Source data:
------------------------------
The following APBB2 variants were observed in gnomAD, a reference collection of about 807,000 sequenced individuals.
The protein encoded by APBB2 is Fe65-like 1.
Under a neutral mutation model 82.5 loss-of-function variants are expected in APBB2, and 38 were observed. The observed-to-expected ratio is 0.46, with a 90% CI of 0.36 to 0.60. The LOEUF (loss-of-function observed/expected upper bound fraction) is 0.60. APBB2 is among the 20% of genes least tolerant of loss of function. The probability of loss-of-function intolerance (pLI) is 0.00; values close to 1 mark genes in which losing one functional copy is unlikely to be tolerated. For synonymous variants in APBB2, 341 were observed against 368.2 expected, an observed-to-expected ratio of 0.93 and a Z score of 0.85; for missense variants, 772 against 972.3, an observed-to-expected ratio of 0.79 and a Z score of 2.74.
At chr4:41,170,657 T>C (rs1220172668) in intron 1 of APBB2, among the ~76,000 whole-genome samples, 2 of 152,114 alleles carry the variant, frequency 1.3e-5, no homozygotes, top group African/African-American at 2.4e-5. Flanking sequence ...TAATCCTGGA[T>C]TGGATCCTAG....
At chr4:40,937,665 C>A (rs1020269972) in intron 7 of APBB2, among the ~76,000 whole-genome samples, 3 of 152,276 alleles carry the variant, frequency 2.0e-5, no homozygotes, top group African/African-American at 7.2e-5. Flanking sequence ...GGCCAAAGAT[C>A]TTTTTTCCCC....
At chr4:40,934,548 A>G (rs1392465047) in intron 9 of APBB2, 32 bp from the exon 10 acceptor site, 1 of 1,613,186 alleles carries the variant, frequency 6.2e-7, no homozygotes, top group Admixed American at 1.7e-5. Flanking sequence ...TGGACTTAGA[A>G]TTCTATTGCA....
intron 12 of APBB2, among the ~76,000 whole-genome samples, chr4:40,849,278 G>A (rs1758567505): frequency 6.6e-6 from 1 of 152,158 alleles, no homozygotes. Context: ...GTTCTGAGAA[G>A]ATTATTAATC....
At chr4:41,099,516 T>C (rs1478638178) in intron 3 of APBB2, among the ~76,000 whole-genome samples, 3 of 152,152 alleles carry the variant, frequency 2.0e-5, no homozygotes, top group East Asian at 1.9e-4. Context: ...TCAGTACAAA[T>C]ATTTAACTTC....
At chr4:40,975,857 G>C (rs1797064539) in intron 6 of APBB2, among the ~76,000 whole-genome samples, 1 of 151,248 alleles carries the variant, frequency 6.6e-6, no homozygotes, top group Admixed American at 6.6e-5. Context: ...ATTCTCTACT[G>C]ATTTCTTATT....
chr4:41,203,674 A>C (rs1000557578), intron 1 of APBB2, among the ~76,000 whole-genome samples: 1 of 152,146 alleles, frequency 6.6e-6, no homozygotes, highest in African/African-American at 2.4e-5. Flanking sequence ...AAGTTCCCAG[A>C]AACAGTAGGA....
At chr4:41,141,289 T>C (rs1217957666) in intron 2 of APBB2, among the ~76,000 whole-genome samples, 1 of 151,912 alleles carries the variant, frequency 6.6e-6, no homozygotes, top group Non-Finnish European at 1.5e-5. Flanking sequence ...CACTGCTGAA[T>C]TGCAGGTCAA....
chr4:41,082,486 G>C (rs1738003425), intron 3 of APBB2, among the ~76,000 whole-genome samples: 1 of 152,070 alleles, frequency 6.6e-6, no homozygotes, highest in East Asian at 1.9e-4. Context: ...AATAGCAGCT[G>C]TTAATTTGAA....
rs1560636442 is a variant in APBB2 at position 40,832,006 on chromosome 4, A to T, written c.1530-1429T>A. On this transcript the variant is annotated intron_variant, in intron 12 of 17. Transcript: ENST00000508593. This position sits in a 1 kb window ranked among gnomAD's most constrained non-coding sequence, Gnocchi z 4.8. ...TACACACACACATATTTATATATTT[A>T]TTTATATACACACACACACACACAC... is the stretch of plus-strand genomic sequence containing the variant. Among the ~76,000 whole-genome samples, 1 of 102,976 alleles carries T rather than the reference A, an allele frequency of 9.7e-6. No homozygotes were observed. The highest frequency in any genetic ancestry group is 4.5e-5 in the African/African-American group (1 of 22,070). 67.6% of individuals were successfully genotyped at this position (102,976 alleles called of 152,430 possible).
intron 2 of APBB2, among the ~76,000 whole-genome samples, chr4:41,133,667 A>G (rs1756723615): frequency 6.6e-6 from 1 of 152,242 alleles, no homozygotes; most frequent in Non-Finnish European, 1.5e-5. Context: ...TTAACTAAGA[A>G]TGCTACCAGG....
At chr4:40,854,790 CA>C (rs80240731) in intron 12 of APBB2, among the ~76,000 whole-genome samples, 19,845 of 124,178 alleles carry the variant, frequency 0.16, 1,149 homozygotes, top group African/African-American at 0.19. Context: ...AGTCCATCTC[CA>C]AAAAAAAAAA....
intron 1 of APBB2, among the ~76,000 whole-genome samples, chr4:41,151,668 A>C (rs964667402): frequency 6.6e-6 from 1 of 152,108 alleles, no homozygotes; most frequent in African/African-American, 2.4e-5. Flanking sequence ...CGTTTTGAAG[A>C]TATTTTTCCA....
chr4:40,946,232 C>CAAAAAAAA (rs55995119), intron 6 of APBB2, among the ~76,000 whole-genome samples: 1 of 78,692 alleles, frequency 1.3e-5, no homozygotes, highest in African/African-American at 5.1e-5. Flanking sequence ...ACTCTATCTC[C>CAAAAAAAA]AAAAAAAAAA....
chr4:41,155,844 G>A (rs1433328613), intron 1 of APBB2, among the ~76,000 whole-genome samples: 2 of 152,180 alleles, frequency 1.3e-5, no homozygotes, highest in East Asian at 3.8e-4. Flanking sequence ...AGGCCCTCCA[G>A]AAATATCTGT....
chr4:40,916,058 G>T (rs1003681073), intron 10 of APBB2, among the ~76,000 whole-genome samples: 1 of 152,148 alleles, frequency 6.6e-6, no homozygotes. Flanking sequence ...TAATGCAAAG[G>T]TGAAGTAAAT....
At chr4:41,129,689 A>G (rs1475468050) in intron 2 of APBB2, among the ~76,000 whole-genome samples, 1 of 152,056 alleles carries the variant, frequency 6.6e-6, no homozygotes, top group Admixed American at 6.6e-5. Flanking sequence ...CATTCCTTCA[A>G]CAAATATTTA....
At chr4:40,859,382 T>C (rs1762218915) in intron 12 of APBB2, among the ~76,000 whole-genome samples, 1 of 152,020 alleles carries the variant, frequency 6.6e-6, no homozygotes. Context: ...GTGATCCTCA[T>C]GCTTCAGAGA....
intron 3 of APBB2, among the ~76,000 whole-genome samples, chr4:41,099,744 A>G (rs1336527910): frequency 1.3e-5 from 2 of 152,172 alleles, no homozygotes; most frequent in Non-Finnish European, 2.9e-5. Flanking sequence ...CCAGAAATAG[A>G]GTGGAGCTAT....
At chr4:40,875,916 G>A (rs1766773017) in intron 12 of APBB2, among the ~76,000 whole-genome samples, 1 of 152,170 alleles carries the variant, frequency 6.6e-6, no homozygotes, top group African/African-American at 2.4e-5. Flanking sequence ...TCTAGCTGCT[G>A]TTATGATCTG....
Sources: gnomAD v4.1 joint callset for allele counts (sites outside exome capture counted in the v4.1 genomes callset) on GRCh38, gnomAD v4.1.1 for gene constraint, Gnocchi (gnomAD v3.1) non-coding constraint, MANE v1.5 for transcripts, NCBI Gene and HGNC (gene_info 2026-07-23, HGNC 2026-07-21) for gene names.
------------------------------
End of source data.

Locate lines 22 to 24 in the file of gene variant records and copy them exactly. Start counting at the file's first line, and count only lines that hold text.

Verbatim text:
intron 3 of APBB2, among the ~76,000 whole-genome samples, chr4:41,099,744 A>G (rs1336527910): frequency 1.3e-5 from 2 of 152,172 alleles, no homozygotes; most frequent in Non-Finnish European, 2.9e-5. Flanking sequence ...CCAGAAATAG[A>G]GTGGAGCTAT....
At chr4:40,875,916 G>A (rs1766773017) in intron 12 of APBB2, among the ~76,000 whole-genome samples, 1 of 152,170 alleles carries the variant, frequency 6.6e-6, no homozygotes, top group African/African-American at 2.4e-5. Flanking sequence ...TCTAGCTGCT[G>A]TTATGATCTG....
Sources: gnomAD v4.1 joint callset for allele counts (sites outside exome capture counted in the v4.1 genomes callset) on GRCh38, gnomAD v4.1.1 for gene constraint, Gnocchi (gnomAD v3.1) non-coding constraint, MANE v1.5 for transcripts, NCBI Gene and HGNC (gene_info 2026-07-23, HGNC 2026-07-21) for gene names.